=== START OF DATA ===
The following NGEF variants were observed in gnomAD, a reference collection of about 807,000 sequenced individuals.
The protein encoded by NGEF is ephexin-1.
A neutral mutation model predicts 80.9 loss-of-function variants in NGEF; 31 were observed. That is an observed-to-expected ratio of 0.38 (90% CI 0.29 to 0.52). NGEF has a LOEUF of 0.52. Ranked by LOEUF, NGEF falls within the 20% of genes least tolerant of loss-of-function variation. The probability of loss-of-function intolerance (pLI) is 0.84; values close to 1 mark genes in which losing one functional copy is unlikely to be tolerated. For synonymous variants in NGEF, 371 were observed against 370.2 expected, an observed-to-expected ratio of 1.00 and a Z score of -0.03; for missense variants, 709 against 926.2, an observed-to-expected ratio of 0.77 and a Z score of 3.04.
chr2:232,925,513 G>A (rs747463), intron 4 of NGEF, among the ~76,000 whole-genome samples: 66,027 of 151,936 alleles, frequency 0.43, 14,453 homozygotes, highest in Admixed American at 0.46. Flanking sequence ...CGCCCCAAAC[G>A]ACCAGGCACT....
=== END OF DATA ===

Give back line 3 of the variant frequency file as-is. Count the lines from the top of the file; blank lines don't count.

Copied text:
A neutral mutation model predicts 80.9 loss-of-function variants in NGEF; 31 were observed. That is an observed-to-expected ratio of 0.38 (90% CI 0.29 to 0.52). NGEF has a LOEUF of 0.52. Ranked by LOEUF, NGEF falls within the 20% of genes least tolerant of loss-of-function variation. The probability of loss-of-function intolerance (pLI) is 0.84; values close to 1 mark genes in which losing one functional copy is unlikely to be tolerated. For synonymous variants in NGEF, 371 were observed against 370.2 expected, an observed-to-expected ratio of 1.00 and a Z score of -0.03; for missense variants, 709 against 926.2, an observed-to-expected ratio of 0.77 and a Z score of 3.04.